The Jeff Beck Strat addresses this issue in the same was as Stratocaster Deluxe models – with its LSR roller nut (strings rest on ball bearings instead of bone or other materials), locking tuners, and an upgraded two-point synchronized tremolo bridge that improves upon the basic version found on standard Strats. We had excellent results using this tremolo – it providing endless playability without any tuning issues. Even the most aggressive whammy bar enthusiasts should find comfort in extreme string bending with this guitar.
In the world of guitar, there is no way for a Stratocaster to sound like anything but a Stratocaster – just ask those who buy them and try to get them to sound like something else! Of course your choice of amplifier will ultimately influence your final tone, and we put this beauty to the task through a variety of amplifiers including a Fender SuperSonic, Mesa/Boogie Lone Star, and a late-Seventies Marshall Super Lead 100.
The most noticeable difference that we heard with the Jeff Beck Strat was what we didn’t hear – thanks to the Noiseless-series pickups, there was no significant noise, hum or buzz typically associated with single coil pickups. In a studio environment where clean matters most, this guitar provided phenomenal clarity without any loss of tone or sustain.
In our effort to really understand the sonic differences between this Stratocaster and other Fender models, we compared the Jeff Beck Stratocaster to both an Eric Johnson Strat (that featured Fender Special Design Eric Johnson pickups) and a Deluxe Player’s Stratocaster (that featured standard Fender Vintage Noiseless pickups).
We found the results to be sonically quite different between models, which reinforced the importance of playing different models before deciding which one is right for your particular style.
The most noticeable difference in sound produced by each Strat was in sonic character especially in overdrive mode. The standard Fender Vintage Noiseless pickups in the Deluxe Player’s Strat produced the most traditional Strat tones for which the guitar is typically revered (minus any hum or buzz, of course) – clean, twangy at times, and bluesy. They didn’t provide a very overdriven sound and weren’t particularly effective at driving our amps to get heavy rock tone, even at high gain settings.
By contrast, the Jeff Beck Strat contains Custom Shop modified Vintage Noiseless pickups, and these provided a hotter sound, making this guitar more applicable for hard rock/overdriven tones while still maintaining that clean Stratocaster squish. Using clean channels in our amps, the differences in tone between the two guitars were much less distinct, though the Jeff Beck Strat’s modified pickups had both additional depth as well as a slightly brighter top end.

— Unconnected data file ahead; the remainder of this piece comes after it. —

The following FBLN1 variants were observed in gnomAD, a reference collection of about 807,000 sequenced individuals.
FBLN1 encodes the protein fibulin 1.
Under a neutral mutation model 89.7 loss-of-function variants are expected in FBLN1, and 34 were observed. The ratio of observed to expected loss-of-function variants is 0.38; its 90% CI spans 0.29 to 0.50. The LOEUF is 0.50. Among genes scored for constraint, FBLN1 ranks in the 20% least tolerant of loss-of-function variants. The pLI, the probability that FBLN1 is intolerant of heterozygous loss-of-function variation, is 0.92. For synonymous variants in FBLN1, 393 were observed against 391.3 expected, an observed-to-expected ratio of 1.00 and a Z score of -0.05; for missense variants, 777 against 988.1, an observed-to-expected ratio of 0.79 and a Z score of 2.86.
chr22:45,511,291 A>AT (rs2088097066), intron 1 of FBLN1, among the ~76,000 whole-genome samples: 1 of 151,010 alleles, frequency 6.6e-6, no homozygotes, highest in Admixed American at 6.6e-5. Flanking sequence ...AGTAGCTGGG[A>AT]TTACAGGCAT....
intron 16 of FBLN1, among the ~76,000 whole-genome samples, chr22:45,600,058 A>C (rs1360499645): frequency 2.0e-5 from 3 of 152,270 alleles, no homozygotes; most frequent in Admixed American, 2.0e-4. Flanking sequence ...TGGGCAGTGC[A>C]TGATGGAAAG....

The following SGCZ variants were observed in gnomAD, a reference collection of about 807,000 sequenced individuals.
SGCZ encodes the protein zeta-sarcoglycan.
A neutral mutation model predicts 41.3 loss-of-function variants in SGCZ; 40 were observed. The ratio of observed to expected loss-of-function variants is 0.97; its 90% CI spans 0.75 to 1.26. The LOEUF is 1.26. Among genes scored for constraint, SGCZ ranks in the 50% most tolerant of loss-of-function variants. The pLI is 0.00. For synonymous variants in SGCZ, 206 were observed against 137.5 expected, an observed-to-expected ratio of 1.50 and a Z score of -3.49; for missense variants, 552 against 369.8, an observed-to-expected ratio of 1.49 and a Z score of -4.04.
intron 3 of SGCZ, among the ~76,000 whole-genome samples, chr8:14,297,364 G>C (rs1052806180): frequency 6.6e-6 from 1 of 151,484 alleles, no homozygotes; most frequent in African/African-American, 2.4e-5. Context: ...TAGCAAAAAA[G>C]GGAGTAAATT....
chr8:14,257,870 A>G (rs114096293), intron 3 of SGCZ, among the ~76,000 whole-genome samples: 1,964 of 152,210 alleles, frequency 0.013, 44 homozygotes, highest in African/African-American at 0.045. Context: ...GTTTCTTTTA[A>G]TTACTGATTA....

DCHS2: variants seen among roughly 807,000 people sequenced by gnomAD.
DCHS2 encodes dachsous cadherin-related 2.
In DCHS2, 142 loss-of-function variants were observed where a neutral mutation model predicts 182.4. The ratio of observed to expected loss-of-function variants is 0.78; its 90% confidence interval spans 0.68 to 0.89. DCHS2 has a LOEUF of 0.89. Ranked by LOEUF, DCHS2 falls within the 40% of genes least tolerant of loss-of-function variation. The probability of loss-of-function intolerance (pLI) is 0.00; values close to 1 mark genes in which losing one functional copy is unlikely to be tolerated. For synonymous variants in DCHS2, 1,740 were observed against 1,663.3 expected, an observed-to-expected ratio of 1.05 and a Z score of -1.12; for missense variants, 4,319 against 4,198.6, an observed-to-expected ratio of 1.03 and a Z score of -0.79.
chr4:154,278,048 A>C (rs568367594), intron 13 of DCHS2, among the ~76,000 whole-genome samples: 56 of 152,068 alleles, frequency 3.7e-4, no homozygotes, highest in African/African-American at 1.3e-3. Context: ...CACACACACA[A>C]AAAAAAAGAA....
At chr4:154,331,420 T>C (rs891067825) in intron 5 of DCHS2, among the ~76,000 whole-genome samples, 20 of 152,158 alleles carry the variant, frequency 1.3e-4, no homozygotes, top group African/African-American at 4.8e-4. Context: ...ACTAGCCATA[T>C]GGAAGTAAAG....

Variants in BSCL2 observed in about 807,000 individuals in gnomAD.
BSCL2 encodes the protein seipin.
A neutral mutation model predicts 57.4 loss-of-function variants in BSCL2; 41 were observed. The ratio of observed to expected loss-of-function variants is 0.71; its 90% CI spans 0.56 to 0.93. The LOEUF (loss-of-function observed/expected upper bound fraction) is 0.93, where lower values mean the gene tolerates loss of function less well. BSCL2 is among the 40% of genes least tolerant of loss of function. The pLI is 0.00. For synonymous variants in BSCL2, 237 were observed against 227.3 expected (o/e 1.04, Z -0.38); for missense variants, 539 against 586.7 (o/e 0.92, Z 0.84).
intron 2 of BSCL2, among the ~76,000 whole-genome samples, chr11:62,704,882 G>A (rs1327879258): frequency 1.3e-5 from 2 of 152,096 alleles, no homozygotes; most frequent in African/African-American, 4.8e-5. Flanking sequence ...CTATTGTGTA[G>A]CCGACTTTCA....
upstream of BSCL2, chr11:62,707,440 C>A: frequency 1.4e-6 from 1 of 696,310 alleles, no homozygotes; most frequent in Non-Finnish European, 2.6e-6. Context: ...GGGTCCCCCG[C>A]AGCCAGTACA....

The Eric Johnson Stratocaster has a significantly different tone from the other guitars starting with the fact that its Custom Shop pickups are not of the noiseless variety. This guitar provided an even hotter signal from its pickups, which are specifically wound to Eric Johnson’s specifications. [You can read our in-depth review of the Eric Johnson Stratocaster here].The Jeff Beck Strat lived up to all expectations and then some. It provided the classic Strat tone we are all familiar with – great highs from the bridge pickup, excellent mellow lows from the neck pickup, and everything in-between with the middle pickup in play, and its slight gain boost gives it the edge over standard strats when it comes to overdriving a tube amp directly (as opposed to getting your distortion from a pedal in front of the amp). This is truly a great sounding Stratocaster.
Fender provides a generic Owners Manual with all their guitars and basses. Though not specific to each individual model, the manual provides a basic explanation of all features and controls found on most of their instruments including care and maintenance suggestions, technical adjustment tips/instruction, and warranty information. In addition, the Owners Manual also directs the user to Fender’s website for additional information specific to each individual model regarding switching and control functions, wiring diagrams and spec sheets.
The Fender Artist Series Jeff Beck Stratocaster ($2,142.84 MSRP) can be found for approximately $1,500.00 at retail, a good value. For only a few hundred dollars more than an American Deluxe Stratocaster, the Jeff Beck signature Stratocaster ups the ante with some cool Custom Shop features and standard switching controls (vs. the S-1 switching that some users may not desire). Oh, and did we mention that groovy Surf Green color?